I had something interesting happen to me today: people noticed my status message on Google Talk. Normally I figure no one really pays attention to status messages for IM beyond whether someone is online or not (we all know people who are always listed as away or have not changed their status message in ages). But for some reason today I decided to use my status message to bitch about the car issues I was having.
And people responded. I had various friends IM me throughout the day inquire about what was going on (short answer: transmission is shot and the repair bill is more than the value of the car, so I am trying to get the car recycled; not easy when you drove down to visit a parent in another country). It reminded me of what can happen when I post to Twitter or FriendFeed when I get to have a topical conversation about what is going on in my life that exact second; instantaneous blogging in snippet form. And it was nice to get to have a conversation with some friends about what was happening. That's something I don't necessarily get to have on Twitter since the threading of the conversation gets all out of whack. And unlike FriendFeed the conversations were private and happening in real-time.
But the other nice thing is that these conversations were with people I normally don't get to interact with on a regular basis online. Typically I interact with people online through FriendFeed, Twitter, and Google Reader. IM has a much broader reach than any of these newfangled services have.
For me, the difference between the former services and IM is one takes more proactive participation while the latter is usually only for when I have a specific need or desire to talk with someone. If the people I follow on FF or Twitter post something I will eventually see it when I actively check the application (although obviously you can use notifiers so that the engagement is passively triggered). But with IM, it is typically relegated to the background, sitting there until either I initiate a conversation with someone or vice-versa.
And yet today that didn't happen. It makes sense that ones status in the world at any moment be tied to their IM persona. I mean my status of being online or not is listed in IM, why shouldn't what I am thinking about or reading also be displayed? We talk about microblogging and lifestreaming services, and yet the one service we all use that portrays our status online is not doing more than showing a green, red, or gray dot next to some picture. It feels like an unneeded disconnect to me that my IM persona does not tie into what else I might share with the world at that moment.
There is also a case that IM is a better model for microblogging/lifestreaming. It's very much a push model; I decide to say something to the world, it gets pushed to the people who care to listen. And yet all of these other services use a pull model to get the information. Why should my Twitter client have to refresh to find out that there is something new to read? Can't it just be pushed to me? Can't the pull from a web site be a side-effect of providing access while the actual system is push?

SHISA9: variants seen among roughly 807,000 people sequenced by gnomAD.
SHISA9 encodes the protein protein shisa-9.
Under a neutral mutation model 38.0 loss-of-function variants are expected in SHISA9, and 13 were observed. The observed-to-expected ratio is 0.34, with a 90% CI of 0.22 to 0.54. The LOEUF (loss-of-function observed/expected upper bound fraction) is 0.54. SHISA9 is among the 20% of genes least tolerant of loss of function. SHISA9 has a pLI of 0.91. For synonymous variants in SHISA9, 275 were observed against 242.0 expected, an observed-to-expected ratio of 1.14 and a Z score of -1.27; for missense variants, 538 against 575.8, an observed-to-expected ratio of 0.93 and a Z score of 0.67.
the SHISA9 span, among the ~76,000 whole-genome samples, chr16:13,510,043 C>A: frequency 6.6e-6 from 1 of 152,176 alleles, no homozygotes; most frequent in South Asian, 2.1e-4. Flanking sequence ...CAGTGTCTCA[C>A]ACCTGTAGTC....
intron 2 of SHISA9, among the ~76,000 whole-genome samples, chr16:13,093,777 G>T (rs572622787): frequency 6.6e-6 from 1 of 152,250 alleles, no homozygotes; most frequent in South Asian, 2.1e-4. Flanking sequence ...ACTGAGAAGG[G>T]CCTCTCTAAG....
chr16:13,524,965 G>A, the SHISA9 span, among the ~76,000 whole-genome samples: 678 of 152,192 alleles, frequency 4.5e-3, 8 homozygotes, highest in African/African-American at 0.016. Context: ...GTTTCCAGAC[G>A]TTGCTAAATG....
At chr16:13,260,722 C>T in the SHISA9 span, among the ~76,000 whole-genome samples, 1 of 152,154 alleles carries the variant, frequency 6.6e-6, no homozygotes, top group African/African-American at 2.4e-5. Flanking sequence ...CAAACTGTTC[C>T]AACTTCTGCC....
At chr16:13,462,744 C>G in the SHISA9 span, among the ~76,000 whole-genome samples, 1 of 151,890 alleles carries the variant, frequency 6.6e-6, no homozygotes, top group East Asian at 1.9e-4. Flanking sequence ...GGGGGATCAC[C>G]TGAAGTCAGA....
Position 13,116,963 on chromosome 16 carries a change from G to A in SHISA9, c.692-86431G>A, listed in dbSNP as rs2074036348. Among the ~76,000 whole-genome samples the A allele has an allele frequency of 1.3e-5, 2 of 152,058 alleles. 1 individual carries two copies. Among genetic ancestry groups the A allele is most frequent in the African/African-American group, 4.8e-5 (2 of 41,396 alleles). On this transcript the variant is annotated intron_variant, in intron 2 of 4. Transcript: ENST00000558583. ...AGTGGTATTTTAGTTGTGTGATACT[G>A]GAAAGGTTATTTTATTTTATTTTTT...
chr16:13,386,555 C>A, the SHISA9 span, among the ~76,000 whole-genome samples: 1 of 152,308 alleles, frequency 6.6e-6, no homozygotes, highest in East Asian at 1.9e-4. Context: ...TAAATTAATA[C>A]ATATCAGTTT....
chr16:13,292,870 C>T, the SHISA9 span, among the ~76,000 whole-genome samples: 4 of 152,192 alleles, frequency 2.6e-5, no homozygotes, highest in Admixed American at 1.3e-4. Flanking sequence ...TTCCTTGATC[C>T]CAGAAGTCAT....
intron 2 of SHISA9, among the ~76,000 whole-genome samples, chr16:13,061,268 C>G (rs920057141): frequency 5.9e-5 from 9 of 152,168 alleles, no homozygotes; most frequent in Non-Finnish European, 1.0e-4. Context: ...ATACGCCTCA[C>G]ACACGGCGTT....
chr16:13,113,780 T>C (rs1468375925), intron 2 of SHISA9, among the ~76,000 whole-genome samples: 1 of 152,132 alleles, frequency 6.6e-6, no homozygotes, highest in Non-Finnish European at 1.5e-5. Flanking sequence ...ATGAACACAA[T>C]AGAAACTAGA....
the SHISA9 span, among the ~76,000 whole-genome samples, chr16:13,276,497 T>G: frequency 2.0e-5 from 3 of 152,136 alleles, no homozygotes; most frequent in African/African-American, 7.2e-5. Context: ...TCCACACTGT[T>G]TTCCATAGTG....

If you listen to FLOSS Weekly episode 49 you will hear Peter Saint-Andre mention how he thinks XMPP is a good system to use for microblogging. I personally buy his arguments. Apparently I am not the only one as people have blogged about this idea and gone as far as to sketch out a proposal of microblogging over XMPP. But what exactly would microblogging tied to IM act like?
First thing first, though, is to realize how microblogging versus IM is different. For one, anyone can follow me on Twitter or FF but not on IM. If some stranger wants to follow me on FF that's fine, but I don't necessarily care when they are online or want to have a personal conversation with them. So any microblogging service would need to make the idea of subscribing to one's microblog feed separate from getting to interact with them directly over IM. Another difference is the temporal nature of IM status messages versus microblogging. When I change my IM status, that last one vanished into the digital ether. But for microblogging, I don't necessarily want that to happen. So a ticker would be needed to keep track of the messages that have happened throughout the day that I may have missed.
So what are the benefit of tying microblogging to IM? For one, I could easily respond directly to someone about something and have a truly real-time conversation with them about it. Yes, Twitter has direct messages, but the fluidity of an IM conversation, I feel, is much better. It also simplies things by not forcing me to run yet another service.
Jaiku actually tried this approach somewhat. While being a lifestreaming app, they also had their S60 client which updated your online status and your location in the world. But I don't think it included IM services which would have been nice.
Or maybe all I really want is better support for longer IM status messages. What I honestly get out of Twitter is what people are currently up to and some conversations. If longer status messages could easily be displayed and a public group chat around my status message could take place that would be close to what I get out of Twitter with the only thing missing is people overhearing my public conversation.